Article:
Less than three weeks before the filing deadline, former 4th District Congressman Todd Tiahrt is still pondering whether to try to get his old job back.
“I really haven’t made a decision yet,” he said Thursday, “but I’m considering it. I still have some time.”
That’s a shift from his position in January when he said he didn’t plan to run.
The filing deadline is June 2. Tiahrt would be running against fellow Republican Mike Pompeo.
Pompeo succeeded Tiahrt three years ago after Tiahrt opted to run for the U.S. Senate seat in 2010. He lost to Jerry Moran in the primaries.
In January, Pompeo filed to seek a third term.
“I need Vicki’s vote,” Tiahrt said of his wife, “or it’s not going to happen.”
He said residents in the 4th District, which includes the Wichita area, tell him they aren’t being listened to by Pompeo.
“If you don’t listen to the people,” Tiahrt said, “you can’t be a good representative.
“There’s not been much listening the last four years. If you don’t have any town halls, if you just run around the world, you’re not listening to them.”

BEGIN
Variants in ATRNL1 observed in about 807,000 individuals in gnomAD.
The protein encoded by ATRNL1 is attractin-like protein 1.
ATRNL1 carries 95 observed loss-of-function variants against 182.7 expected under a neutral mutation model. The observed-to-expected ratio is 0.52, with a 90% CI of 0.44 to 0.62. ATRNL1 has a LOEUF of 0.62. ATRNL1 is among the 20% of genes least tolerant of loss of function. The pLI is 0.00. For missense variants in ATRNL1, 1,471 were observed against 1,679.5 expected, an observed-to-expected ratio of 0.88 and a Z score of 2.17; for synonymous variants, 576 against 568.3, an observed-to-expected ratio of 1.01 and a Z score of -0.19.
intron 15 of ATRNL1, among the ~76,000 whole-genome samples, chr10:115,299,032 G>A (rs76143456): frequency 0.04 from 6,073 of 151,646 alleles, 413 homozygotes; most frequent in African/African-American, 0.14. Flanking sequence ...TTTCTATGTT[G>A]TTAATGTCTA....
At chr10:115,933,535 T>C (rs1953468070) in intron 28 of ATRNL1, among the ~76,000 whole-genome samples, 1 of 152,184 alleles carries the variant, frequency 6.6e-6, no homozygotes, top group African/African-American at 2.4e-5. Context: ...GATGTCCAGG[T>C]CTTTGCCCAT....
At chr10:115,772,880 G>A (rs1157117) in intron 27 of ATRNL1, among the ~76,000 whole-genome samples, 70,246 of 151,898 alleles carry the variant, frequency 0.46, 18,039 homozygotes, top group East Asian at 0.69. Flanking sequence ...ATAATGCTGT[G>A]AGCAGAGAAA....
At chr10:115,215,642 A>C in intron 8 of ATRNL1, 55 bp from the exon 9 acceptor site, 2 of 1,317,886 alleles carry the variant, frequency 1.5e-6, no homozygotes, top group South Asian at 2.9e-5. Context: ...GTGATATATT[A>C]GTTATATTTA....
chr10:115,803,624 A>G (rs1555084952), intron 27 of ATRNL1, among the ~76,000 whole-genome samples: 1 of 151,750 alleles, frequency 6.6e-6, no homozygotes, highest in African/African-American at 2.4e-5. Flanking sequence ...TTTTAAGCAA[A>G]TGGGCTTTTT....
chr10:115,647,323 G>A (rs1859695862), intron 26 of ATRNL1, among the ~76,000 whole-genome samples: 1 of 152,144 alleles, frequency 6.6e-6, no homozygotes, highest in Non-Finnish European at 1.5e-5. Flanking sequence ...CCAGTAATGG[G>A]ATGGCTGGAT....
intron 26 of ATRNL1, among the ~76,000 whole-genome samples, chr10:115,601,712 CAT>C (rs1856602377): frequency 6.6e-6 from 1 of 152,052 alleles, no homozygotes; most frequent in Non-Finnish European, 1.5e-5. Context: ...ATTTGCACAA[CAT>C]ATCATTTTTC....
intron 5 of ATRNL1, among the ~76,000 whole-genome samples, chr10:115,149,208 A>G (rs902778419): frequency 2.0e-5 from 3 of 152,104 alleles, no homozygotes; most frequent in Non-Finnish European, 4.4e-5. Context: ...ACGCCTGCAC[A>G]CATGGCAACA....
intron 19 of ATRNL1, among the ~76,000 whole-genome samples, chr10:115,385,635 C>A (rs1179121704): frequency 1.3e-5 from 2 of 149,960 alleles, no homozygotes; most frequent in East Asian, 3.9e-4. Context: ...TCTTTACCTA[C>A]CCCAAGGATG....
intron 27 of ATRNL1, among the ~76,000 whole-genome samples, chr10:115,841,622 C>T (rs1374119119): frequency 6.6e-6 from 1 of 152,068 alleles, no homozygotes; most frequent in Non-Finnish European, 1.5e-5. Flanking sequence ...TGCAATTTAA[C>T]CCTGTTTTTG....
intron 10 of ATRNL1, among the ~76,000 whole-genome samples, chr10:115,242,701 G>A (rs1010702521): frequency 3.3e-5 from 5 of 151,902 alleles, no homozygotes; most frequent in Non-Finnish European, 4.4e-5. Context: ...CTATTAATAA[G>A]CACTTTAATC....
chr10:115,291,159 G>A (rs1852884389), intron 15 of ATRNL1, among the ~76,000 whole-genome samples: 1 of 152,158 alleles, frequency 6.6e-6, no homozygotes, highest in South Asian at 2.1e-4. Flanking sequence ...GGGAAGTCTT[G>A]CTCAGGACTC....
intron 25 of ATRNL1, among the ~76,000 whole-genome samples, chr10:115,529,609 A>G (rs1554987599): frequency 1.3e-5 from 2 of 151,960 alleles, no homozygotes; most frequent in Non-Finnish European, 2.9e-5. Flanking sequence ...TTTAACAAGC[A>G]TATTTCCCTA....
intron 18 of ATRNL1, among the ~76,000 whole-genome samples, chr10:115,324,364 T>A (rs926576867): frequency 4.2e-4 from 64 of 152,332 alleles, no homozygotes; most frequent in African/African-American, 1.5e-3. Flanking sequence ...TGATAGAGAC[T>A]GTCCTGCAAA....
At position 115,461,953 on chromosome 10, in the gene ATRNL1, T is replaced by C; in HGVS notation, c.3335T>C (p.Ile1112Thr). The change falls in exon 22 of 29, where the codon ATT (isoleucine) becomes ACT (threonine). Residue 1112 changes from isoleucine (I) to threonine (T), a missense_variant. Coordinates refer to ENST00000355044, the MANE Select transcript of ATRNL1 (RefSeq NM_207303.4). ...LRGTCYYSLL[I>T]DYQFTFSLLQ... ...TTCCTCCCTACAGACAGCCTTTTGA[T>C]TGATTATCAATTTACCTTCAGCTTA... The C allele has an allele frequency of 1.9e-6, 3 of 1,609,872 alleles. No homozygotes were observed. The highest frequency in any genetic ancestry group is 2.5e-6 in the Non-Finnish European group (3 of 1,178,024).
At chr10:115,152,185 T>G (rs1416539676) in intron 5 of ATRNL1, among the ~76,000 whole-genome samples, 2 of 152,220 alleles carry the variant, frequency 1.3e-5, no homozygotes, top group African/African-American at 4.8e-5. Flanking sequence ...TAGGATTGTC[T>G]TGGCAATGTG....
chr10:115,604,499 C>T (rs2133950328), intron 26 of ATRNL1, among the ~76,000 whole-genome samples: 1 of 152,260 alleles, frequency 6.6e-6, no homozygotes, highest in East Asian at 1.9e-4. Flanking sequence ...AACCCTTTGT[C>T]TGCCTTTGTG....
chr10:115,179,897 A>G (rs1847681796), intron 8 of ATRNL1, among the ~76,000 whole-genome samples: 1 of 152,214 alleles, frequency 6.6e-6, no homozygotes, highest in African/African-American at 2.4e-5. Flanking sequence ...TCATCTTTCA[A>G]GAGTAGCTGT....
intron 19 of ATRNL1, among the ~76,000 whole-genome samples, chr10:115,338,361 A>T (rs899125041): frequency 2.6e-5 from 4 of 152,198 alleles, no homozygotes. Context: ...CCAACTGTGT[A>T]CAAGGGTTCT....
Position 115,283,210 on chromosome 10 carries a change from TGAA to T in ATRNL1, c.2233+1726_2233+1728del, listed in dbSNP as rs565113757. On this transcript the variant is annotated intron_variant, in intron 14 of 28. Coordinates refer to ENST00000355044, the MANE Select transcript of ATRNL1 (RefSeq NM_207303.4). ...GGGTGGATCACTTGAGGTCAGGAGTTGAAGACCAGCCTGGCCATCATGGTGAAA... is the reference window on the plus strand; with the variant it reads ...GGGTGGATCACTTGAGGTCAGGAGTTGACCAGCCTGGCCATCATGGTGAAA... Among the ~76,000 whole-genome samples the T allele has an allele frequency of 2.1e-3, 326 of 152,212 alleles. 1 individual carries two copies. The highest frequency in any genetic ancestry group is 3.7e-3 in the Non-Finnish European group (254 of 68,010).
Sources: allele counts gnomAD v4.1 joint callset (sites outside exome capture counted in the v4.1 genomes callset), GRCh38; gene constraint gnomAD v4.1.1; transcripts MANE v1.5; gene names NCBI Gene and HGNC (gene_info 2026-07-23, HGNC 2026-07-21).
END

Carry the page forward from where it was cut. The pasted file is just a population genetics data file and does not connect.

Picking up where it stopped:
J.P. Freire, Pompeo’s campaign spokesman, said in a statement that Pompeo has been accessible and actively listening to his constituents.
“He consistently speaks with thousands of constituents through telephone, town halls, personal meetings and visits around the District,” he said. “Just this week he’s been with over 300 constituents including a town hall in Winfield.
“He’s always glad to hear from Kansans about their concerns.”
Tiahrt, who lives in Goddard, has operated a consulting business since leaving Congress.
In March, he resigned from an additional position as CEO of Neumann Systems Group, a Colorado Springs company that designs and builds emissions control systems for power plants.
Tiahrt said he took the job in January 2013 in part because a long-time friend, David Neumann, the CEO at the time, was having some heart problems. Neumann’s health has since improved, Tiahrt said, and he’s been able to be more active with the company.
And the time commitment for being in Colorado was a problem, he said. “We were out there three weeks out of every month.”